Arab Nationalism and State Formation: the Maghrib Experiences

Interim Report

Edited by Shoko Watanabe

Published in March 2019

chapter 1

This paper reviews studies on modern Arab nationalism with a special focus on case studies of Maghribian countries (i.e., Algeria, Tunisia, and Morocco). As the majority of studies concerning Arab nationalism published in English have been built on Mashriqian historical cases, Arab nationalism has been understood as having a secular, supra-state identity as opposed to a religious identity (e.g., Muslim identity) on the one hand, and territorial nationalism based on loyalty to individual nation-states (e.g., Egyptian, Syrian, Iraqi, and Palestinian nationalism) on the other hand. However, Maghribian experiences provide us with more complex realities regarding the history of Arab nationalism. Studying Arab nationalism with particular attention to long-ignored regional features allows us to understand different variations of the Arab nationalist movement, which should be considered as a multiform, multifunctional, and globally interactive phenomenon.

chapter 2
This paper addresses the literature concerning the Jihad movement in Maghrib al-Aqṣā region against the Christian invasion of the fifteenth and sixteenth centuries. In so doing, it shows that scholars since the protectorate period have interpreted this movement as a precursor to twentieth-century Moroccan nationalist movements against foreign colonial rule by supposing parallelism between the two periods. This interpretation, which is presently still influential, has its origins in the colonial historical discourses of the country.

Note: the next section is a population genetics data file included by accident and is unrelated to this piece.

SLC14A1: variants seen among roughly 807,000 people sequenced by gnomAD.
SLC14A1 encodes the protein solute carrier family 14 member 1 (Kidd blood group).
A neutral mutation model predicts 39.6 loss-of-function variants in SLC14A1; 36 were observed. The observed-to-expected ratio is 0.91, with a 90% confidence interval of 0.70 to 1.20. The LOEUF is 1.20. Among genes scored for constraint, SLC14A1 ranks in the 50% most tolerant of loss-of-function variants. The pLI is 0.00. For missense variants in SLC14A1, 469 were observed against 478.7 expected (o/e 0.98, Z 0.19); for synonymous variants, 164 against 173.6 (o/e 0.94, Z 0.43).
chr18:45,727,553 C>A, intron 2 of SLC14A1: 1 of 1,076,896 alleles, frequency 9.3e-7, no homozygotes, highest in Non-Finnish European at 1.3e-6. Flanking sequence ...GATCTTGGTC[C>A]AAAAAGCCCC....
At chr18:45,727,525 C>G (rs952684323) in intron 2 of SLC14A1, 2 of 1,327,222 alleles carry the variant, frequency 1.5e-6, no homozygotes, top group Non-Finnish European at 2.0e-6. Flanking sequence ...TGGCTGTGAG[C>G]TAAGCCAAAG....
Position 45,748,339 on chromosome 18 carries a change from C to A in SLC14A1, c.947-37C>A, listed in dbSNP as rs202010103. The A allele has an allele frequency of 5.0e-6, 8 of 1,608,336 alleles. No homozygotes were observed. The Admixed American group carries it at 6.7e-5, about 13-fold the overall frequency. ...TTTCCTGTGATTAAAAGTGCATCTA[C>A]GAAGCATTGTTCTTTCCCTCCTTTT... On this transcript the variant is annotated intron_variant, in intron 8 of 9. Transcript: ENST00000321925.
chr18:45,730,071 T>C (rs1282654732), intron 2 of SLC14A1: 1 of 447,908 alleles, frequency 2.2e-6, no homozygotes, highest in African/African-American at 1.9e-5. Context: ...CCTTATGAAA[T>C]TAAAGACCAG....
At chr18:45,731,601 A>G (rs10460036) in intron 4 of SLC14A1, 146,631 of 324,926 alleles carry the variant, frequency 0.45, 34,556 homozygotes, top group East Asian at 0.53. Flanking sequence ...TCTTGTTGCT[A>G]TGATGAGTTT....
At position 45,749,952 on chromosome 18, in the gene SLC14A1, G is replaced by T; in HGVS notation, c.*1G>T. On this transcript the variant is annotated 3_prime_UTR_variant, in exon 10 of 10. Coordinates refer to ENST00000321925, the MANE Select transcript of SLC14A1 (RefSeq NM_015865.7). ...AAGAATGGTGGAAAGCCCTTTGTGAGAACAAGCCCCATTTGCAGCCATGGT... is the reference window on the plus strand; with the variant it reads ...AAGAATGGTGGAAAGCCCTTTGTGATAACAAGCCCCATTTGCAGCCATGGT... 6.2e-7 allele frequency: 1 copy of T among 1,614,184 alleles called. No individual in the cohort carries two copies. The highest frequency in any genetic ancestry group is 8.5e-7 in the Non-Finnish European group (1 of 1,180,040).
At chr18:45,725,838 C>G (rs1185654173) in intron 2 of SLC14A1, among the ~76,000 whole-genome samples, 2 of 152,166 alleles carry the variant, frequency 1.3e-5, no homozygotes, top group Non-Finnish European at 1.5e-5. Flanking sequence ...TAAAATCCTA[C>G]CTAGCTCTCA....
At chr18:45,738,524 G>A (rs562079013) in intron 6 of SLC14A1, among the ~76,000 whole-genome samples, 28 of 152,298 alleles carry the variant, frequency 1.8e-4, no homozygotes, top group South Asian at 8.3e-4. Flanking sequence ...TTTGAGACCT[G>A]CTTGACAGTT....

chapter 3

This paper studies the demography of Tunisia in the early 20th century using population censuses and statistics published in the French protectorate era (1881–1956) as preliminary research on regional inequalities in Tunisia. Regional inequalities, especially imbalanced development and the privileges of those in the coastal area, are one of the greatest challenges of the country. Many studies have focused on regional inequality since Tunisia’s independence. Most conclude the main cause was development policies, but the origins of regional inequalities remain ambiguous. When, where, and how were these inequalities created, developed, and changed? The population censuses show that distribution was relatively balanced in the early protectorate era, but this changed gradually as people began to concentrate in and around the capital, Tunis. Particularly in the 1930s, the demography of Tunisia changed swiftly; therefore, observing the regional population patterns of that era serves as key material for understanding the origin of regional inequalities in Tunisia.